This parish priest serves as a volunteer firefighter on the side, doing both jobs with courage and dedication.
From the Joué-lès-Tours fire station to his parish of Saint Marc, in Indre-et-Loire (west-central France), it’s only a short step for Pierre Fouquier, parochial vicar and volunteer fireman for the past three years. Between regular shifts, his on-call week and practicing maneuvers at the fire station, he devotes nearly 75 hours a month to his volunteer commitment.
You have to go back to childhood to see where his vocation takes root.
“I must have been about 10 years old when the firefighting profession attracted me,” Fr. Fouquier begins. In his village of Saint-Épain, it was with eyes full of admiration that the boy watched the firefighters marching in parades or in commemoration ceremonies. “The red trucks, the uniform: all that attracted me.”
Around the same time, the beauty of a second vocation struck him. “My mother told me that at the age of 7 I had already said that I wanted to become a priest,” he shares with a laugh. “I grew up in a Catholic family, which is soil that makes vocations germinate early. Then it came and went as it does for other confreres.”
He met priests who were faithful and joyful in their ministry and sensed a call that he discerned more and more clearly. These things led him to the seminary after training in civil engineering.
Living the Church in the world
During his first two years of seminary, the man who joined the young firefighters brigade at the age of 15 continued his commitment. “The successive bishops were very benevolent. And thanks to the adapted schedules I was able to be a volunteer fireman for a year and a half in the villages nearby.”
While the young man is familiar with firehouse life, his journey in the seminary intrigued his teammates. “It sparked some intense conversations!”
They questioned him about celibacy or the usefulness of priests, but these conversations especially allowed them to share about the meaning of the priest’s mission.
They had in mind the cliché of the priest alone in a dark church, as in the movie The Exorcist. I was very surprised that these images came back, but many people only have that! And it made me question the way the Church is lived in the world.
He was ordained a priest in 2018. As soon as he puts on his uniform, Pierre becomes a firefighter like any other. But sometimes while on the job, he evokes his vocation as a priest.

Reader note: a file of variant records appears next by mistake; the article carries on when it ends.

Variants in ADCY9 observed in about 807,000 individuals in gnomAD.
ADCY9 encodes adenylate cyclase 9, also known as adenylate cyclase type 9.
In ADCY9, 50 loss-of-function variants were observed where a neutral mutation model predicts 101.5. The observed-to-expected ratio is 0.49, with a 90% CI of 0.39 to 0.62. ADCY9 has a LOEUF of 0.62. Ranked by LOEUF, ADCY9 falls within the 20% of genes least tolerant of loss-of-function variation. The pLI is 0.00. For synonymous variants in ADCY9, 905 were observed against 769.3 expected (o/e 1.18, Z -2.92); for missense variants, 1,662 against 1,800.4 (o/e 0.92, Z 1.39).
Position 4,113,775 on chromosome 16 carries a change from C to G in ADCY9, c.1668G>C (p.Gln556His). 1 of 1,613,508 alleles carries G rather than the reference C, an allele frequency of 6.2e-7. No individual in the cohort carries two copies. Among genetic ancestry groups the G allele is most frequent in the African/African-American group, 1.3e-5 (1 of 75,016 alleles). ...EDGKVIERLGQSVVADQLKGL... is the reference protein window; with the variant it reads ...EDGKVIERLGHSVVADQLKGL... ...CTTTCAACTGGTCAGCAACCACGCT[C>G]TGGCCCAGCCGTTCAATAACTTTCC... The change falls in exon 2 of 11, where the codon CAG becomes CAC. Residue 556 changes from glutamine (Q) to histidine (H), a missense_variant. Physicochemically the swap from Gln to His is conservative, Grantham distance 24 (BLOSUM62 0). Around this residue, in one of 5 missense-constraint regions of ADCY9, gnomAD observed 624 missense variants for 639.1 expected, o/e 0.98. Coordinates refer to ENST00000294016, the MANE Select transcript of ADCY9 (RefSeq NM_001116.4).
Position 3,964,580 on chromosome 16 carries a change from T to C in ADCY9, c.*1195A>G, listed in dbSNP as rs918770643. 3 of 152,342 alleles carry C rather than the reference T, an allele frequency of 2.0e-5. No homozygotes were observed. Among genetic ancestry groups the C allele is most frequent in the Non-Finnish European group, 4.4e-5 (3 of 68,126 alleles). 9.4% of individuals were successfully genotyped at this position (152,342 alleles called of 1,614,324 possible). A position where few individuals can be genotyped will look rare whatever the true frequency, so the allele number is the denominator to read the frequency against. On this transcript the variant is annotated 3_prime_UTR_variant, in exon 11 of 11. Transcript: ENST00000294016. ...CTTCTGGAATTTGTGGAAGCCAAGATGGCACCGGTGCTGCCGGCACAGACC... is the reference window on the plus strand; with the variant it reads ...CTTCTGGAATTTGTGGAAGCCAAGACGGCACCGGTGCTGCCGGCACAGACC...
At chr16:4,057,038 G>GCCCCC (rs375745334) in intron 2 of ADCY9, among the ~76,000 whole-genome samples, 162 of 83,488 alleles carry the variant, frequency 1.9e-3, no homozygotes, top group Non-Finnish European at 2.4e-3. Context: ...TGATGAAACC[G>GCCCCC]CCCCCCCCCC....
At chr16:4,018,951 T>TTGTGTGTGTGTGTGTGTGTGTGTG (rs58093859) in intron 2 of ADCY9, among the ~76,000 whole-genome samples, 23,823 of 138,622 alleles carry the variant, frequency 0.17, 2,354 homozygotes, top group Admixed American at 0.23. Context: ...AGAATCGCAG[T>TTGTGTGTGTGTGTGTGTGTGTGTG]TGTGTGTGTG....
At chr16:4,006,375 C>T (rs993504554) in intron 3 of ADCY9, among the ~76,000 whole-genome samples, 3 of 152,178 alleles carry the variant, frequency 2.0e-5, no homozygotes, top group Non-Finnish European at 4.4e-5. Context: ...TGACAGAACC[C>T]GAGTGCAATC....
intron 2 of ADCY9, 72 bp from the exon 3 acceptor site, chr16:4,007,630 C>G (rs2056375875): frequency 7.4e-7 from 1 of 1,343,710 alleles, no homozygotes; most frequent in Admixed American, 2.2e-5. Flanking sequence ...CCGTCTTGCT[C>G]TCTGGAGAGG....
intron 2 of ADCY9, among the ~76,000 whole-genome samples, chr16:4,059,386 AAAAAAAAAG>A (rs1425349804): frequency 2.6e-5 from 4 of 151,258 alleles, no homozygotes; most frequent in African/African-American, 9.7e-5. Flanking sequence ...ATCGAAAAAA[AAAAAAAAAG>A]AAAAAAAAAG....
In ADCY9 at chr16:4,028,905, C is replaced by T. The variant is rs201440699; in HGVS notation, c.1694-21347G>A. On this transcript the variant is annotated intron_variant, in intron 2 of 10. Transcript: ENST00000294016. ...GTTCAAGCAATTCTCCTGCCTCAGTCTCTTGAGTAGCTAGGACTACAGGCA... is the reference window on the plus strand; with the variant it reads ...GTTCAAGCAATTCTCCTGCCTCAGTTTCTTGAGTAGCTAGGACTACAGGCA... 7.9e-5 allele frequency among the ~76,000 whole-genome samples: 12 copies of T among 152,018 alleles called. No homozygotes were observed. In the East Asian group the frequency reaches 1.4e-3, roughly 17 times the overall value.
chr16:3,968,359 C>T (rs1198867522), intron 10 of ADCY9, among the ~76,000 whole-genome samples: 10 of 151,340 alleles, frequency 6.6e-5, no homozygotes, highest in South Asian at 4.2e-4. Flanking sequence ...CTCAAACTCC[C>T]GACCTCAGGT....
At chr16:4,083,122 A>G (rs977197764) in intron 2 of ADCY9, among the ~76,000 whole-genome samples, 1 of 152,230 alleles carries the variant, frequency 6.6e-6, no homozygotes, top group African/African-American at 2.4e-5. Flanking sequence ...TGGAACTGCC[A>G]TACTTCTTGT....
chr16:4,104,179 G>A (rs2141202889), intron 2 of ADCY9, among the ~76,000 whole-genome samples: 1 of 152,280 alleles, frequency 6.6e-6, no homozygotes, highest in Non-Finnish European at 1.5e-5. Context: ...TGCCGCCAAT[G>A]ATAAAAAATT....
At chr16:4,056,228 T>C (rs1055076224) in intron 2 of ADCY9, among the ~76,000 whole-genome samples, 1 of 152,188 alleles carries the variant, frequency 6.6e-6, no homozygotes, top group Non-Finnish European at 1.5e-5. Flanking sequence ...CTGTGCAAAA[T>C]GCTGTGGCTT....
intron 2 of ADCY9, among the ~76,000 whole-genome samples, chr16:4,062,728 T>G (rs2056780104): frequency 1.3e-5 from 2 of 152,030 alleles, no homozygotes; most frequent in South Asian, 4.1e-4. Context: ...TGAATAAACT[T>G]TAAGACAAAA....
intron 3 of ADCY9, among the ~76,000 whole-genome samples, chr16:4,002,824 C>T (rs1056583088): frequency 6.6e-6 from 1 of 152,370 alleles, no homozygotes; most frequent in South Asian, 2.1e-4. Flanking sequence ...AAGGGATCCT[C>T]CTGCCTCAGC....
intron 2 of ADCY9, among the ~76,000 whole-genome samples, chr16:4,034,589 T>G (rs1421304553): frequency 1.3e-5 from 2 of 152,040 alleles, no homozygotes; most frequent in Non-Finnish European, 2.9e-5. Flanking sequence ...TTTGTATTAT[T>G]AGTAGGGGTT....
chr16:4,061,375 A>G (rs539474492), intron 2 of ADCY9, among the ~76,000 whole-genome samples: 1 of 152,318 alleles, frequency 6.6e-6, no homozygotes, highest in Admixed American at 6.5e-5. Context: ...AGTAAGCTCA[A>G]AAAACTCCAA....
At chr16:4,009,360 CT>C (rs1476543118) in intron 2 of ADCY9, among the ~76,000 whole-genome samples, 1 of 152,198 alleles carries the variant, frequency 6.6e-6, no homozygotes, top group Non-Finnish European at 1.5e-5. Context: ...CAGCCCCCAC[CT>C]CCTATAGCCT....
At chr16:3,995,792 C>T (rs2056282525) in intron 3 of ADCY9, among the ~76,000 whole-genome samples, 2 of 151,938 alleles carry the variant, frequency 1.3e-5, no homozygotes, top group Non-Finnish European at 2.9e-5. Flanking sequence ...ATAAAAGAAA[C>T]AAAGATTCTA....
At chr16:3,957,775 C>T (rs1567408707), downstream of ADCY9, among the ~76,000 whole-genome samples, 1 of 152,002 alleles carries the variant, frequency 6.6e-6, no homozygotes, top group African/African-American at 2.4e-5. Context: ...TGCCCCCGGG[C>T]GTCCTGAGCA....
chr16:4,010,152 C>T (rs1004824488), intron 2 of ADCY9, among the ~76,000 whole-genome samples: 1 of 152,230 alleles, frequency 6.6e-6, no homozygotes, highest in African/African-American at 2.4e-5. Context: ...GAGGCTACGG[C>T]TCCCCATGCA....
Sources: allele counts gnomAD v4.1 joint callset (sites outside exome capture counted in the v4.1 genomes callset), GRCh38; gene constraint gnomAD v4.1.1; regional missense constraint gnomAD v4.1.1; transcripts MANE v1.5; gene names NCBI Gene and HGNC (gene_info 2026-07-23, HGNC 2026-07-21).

Some people know the difference between a professional firefighter and a volunteer firefighter. And in those moments they ask me about what I do on the side, when I’m not on duty.
Under the uniform, the heart of the priest
The motto of the firefighters (“courage and dedication”) sums up the intensity with which Fr. Fouquier lives his two commitments. Without ever losing sight of the gift of himself during his firefighting missions, he is careful to maintain his stability and balance. “I pay attention to fraternal life, I participate in meetings in my deanery, and I keep in touch with other young priests,” he says.
Although he devotes Sundays to his sole mission as a priest, there have been times when a firefighting job has prevented him from switching seamlessly from one activity to another.
Recently, I was at a fire scene for six or seven hours and by the time I got home, showered and ready, I was late for weekday Mass. I notified the sacristan and my parishioners welcomed me with great concern.
Fr. Fouquier’s two vocations inform and shape the man he is today. He sees a different side of life as a firefighter than as a priest.
When you receive a priest, you tidy up your house to welcome him. As a firefighter, I go to places and I meet people in situations of great precariousness, difficult situations.
His priestly vocation also makes him a better firefighter. “Most of the firefighters’ jobs are social interventions. Being a firefighter is also a job of listening,” he explains. He can then rely on the “human training” provided at the seminary.
His commitment as a firefighter brings him into contact with different realities. As a result, he meets “people who might never set foot in a church.”
The joys and labors of this busy daily life, Fr. Pierre offers to God. “I enjoy carrying the world as I celebrate services. I see my limitations well and I give to the Lord all that I cannot carry myself.”
If he joins a new parish in the fall, he plans to keep his commitment at the firehouse. There, with the hundred or so firefighters who make up the fire station, he will continue to provide assistance. “There’s a proactive attitude among firefighters that inspires me a lot. We don’t focus on what we can’t do alone, but on what we can do together.”